Written while living out of a broken-down RV in a Wal-Mart parking lot, Self Published Kindling is about Everett’s experience running a Longmont, Colorado, bookstore that stocked exclusively self-published and regional books. Though the first store of its kind in the nation, Everett quickly discovers that few writers read and even fewer readers want books you can’t find in a Barnes and Noble. She tries to mitigate this through author readings and art crawls, but everyone who comes in leaves empty-handed. Soon she and her partner, John, conclude, “Everybody’s just here to pretend they support art” (48). If you’re an artist who’s ever tried to sell their work, you know exactly what that means.

Besides providing a small glimpse into the world of self-published writers, the fact that all this happens within the context of homelessness lends this book a kind of Steinbeck-esque quality. Raising two children with her partner, the pair struggle to keep up with the apartment rent and once evicted suffer through the hoops of getting public assistance. Applying to every homeless shelter in the region, they discover most are at full capacity and won’t have openings for years. Still, she applies anyway, finding little encouragement and grinding her teeth through the process. Eventually, the pair settle on living in a Wal-Mart parking lot, relying on soup kitchens and whatever they can steal from the megastore.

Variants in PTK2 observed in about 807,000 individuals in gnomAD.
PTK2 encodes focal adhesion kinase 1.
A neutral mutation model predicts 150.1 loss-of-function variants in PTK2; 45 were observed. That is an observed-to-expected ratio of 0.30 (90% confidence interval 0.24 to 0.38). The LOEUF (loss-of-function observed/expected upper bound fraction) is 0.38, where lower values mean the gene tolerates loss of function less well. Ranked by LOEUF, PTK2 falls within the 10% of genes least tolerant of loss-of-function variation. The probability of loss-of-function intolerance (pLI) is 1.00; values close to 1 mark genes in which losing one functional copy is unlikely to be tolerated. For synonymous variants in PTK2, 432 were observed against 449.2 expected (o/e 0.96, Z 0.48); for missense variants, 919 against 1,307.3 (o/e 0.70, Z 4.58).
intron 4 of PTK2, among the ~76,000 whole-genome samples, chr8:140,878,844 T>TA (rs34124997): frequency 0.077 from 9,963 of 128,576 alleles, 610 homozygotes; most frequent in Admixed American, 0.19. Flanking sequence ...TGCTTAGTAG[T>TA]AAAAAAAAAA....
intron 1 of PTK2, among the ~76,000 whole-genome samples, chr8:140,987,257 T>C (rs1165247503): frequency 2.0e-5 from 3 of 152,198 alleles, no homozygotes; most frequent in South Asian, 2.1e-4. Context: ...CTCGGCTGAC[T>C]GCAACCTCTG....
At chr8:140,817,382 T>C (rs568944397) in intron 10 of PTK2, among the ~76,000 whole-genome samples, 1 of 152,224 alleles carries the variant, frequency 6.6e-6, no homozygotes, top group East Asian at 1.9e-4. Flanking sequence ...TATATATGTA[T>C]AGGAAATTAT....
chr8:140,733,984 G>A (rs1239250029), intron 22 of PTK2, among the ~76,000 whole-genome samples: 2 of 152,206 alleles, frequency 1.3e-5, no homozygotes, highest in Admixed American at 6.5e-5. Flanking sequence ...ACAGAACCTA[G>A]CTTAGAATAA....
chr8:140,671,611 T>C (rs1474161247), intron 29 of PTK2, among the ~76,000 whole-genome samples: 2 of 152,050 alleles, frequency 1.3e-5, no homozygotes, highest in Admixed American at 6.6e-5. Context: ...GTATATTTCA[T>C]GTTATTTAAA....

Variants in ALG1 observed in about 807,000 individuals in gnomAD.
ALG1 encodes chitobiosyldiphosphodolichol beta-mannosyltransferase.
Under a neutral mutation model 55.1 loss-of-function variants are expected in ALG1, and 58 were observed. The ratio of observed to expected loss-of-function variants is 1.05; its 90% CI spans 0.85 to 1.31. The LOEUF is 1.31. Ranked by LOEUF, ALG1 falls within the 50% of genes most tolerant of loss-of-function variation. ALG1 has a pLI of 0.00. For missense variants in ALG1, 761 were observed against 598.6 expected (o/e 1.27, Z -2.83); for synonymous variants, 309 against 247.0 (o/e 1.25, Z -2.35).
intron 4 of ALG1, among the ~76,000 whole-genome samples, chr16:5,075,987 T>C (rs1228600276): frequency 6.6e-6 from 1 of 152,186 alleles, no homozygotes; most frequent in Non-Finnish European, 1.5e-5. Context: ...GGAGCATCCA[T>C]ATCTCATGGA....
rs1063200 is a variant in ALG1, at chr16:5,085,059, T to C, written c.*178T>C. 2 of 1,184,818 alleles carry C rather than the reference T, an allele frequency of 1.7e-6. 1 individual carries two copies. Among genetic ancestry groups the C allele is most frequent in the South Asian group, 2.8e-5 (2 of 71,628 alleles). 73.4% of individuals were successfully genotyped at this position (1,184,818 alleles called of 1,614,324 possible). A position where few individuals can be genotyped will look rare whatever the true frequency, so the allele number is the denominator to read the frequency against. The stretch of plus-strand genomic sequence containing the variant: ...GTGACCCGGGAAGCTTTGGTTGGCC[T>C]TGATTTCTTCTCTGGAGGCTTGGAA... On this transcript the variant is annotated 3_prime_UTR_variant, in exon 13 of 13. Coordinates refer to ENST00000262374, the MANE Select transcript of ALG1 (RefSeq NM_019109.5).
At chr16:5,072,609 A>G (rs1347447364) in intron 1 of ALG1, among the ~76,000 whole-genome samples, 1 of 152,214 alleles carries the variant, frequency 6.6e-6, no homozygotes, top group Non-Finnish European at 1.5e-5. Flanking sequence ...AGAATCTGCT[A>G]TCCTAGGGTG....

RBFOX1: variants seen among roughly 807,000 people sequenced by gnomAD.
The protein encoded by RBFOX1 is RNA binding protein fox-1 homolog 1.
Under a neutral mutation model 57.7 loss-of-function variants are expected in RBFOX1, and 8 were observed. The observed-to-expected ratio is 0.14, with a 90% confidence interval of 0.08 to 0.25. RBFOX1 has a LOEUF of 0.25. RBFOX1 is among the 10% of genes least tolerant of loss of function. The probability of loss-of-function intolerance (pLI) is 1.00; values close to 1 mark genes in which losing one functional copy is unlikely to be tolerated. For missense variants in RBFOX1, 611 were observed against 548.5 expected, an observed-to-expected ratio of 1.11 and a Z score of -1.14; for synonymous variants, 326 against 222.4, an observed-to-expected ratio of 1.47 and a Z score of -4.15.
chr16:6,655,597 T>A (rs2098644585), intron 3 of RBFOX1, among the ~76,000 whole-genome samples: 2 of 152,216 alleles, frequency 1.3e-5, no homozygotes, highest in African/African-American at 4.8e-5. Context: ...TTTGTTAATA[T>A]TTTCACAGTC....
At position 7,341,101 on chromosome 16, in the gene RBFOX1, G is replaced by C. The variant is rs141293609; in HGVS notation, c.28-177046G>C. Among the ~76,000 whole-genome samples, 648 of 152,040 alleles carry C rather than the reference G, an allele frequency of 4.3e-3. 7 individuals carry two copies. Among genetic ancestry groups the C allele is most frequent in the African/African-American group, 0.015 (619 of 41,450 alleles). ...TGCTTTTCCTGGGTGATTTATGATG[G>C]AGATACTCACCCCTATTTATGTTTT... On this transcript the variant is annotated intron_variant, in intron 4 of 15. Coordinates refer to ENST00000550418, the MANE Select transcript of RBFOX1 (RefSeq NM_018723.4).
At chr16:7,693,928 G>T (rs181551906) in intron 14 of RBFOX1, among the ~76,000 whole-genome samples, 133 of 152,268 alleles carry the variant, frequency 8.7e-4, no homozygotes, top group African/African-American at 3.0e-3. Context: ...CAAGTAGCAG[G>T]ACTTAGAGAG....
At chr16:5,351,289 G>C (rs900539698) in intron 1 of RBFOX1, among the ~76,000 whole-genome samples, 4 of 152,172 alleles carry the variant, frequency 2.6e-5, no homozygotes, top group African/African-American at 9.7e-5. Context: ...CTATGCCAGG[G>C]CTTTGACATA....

As the story flutters between these two worlds–literary and homeless–Everett describes the different people she meets, doing so with a humanity and compassion others may instinctively spare. In these pages we meet young, touring writers who she calls the modern Beats and others who, sleeping out of the backseat of their car, struggle simply to survive. It’s an interesting juxtaposition and one that kept me second-guessing the author and asking, “Who’s actually Beat?” (A part of me suspects that the real Beats are the ones who’ll never pick up a pen).

As someone who’s read and reviewed his share of self-published/small press booksSelf Published Kindling is one of the few that I can, in good faith, recommend to others. In fact, for anyone interested in this new generation of writers still finding their voice, it’s a hint of what’s to come. Though Everett’s prose is at times weak, it’s the story and what this story means for the rest of us that redeems it. It’s a story of how we twenty-something creatives managed to survive in this changing world, one disdainful of both art and poverty, and the perseverance we retained even when the worst happened.

You can purchase Mik Everett’s Self Published Kindling here.

Philip Larkin on reading versus hearing poetry


Philip Larkin (1922 – 1985)

In order to familiarize myself with the work of English poet Philip Larkin, I recently read his 1982 interview with The Paris Review (its famous “Art of Poetry” series is a resource I encourage all writers to check out). Regarded as one of England’s top poets, during his lifetime Larkin shied away from his fame, working as a librarian at the University of Hull. A proud page poet, he refused to give readings (though he did record a few of his books) and had this to say about their growing prominence in the United States: